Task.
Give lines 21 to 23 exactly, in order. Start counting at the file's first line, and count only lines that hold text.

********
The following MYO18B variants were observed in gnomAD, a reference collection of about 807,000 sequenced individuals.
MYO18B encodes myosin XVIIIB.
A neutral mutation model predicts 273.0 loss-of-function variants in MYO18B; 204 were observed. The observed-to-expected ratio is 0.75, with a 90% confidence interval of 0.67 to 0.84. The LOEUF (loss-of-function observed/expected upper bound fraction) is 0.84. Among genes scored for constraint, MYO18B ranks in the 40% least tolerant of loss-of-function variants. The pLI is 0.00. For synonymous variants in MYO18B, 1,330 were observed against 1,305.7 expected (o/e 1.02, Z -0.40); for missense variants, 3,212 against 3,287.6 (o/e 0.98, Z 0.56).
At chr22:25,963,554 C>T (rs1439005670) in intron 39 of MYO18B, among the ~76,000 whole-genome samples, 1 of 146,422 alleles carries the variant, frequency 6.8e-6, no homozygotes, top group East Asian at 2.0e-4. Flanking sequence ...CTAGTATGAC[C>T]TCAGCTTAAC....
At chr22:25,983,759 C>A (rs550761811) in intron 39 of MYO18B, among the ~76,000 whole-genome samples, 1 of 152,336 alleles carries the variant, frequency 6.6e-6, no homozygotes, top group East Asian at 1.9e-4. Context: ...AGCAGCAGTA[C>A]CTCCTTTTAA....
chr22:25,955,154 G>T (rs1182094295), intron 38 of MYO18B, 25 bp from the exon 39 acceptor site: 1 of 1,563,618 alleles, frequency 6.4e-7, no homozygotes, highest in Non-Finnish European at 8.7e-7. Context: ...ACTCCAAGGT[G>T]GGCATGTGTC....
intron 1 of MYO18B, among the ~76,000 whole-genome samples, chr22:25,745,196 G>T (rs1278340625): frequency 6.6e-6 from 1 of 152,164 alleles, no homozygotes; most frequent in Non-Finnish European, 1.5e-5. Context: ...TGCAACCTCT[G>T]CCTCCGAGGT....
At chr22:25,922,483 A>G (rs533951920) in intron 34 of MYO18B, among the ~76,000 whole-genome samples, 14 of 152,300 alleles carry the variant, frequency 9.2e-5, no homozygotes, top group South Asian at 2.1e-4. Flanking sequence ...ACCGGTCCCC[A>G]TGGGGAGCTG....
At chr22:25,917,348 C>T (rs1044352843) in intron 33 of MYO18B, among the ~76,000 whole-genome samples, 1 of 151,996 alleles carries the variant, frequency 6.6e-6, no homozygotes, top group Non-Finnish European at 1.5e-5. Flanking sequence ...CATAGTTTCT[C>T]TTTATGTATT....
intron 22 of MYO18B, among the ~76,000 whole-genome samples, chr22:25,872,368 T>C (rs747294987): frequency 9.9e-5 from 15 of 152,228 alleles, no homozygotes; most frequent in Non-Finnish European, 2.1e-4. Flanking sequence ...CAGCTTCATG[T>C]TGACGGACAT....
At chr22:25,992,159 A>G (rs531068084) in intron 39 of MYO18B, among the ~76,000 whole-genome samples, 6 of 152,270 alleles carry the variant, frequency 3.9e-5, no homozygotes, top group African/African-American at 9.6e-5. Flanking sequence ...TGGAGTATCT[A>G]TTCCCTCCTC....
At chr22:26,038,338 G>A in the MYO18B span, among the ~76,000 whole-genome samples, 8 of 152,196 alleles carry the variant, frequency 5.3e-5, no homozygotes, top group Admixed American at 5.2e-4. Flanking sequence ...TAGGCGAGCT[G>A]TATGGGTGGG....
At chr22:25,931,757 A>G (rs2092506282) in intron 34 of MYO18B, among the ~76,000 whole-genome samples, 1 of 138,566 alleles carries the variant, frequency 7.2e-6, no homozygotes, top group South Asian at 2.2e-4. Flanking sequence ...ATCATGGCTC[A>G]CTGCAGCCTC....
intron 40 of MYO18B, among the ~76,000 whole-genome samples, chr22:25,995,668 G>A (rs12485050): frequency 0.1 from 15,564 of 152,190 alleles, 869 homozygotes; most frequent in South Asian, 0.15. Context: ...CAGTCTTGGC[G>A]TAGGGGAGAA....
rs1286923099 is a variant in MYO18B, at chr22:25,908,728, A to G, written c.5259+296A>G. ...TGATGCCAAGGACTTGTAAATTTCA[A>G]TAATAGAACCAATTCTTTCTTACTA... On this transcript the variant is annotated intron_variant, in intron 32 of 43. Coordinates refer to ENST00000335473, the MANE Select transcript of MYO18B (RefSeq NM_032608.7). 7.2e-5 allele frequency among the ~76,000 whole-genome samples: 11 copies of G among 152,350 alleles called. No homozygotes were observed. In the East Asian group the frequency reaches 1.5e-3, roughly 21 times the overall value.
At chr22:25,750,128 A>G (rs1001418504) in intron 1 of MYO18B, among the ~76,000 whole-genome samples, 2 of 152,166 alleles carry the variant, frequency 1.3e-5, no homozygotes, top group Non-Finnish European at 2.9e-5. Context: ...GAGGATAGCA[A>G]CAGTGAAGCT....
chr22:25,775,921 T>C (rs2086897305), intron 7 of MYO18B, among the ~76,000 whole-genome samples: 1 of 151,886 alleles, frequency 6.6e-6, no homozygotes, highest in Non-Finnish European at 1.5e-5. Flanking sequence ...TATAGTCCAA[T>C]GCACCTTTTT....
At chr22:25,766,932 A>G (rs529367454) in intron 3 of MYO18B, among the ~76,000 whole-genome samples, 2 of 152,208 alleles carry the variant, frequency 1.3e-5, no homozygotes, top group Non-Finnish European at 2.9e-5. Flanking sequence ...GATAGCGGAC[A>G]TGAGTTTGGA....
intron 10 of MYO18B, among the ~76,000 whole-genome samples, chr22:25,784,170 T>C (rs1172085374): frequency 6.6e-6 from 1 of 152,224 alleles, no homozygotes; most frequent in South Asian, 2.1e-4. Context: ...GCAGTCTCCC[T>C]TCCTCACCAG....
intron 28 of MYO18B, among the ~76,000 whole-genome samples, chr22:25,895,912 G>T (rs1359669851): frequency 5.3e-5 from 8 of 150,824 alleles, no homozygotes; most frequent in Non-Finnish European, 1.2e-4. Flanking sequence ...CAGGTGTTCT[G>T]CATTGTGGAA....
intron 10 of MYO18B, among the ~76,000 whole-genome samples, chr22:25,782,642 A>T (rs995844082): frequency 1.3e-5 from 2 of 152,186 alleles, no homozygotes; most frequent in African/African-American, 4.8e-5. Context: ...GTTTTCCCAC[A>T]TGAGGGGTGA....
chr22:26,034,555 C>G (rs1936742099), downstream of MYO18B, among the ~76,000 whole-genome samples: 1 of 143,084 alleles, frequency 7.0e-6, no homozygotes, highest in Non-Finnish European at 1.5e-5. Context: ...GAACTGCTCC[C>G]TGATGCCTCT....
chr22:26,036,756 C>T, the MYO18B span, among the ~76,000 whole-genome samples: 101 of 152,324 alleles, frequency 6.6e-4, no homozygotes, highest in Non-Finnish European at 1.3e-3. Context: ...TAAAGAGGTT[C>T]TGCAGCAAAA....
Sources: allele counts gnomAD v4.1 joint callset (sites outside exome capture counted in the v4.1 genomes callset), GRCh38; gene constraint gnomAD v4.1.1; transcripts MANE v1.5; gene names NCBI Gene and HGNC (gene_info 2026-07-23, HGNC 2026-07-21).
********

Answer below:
intron 10 of MYO18B, among the ~76,000 whole-genome samples, chr22:25,782,642 A>T (rs995844082): frequency 1.3e-5 from 2 of 152,186 alleles, no homozygotes; most frequent in African/African-American, 4.8e-5. Context: ...GTTTTCCCAC[A>T]TGAGGGGTGA....
chr22:26,034,555 C>G (rs1936742099), downstream of MYO18B, among the ~76,000 whole-genome samples: 1 of 143,084 alleles, frequency 7.0e-6, no homozygotes, highest in Non-Finnish European at 1.5e-5. Context: ...GAACTGCTCC[C>G]TGATGCCTCT....
chr22:26,036,756 C>T, the MYO18B span, among the ~76,000 whole-genome samples: 101 of 152,324 alleles, frequency 6.6e-4, no homozygotes, highest in Non-Finnish European at 1.3e-3. Context: ...TAAAGAGGTT[C>T]TGCAGCAAAA....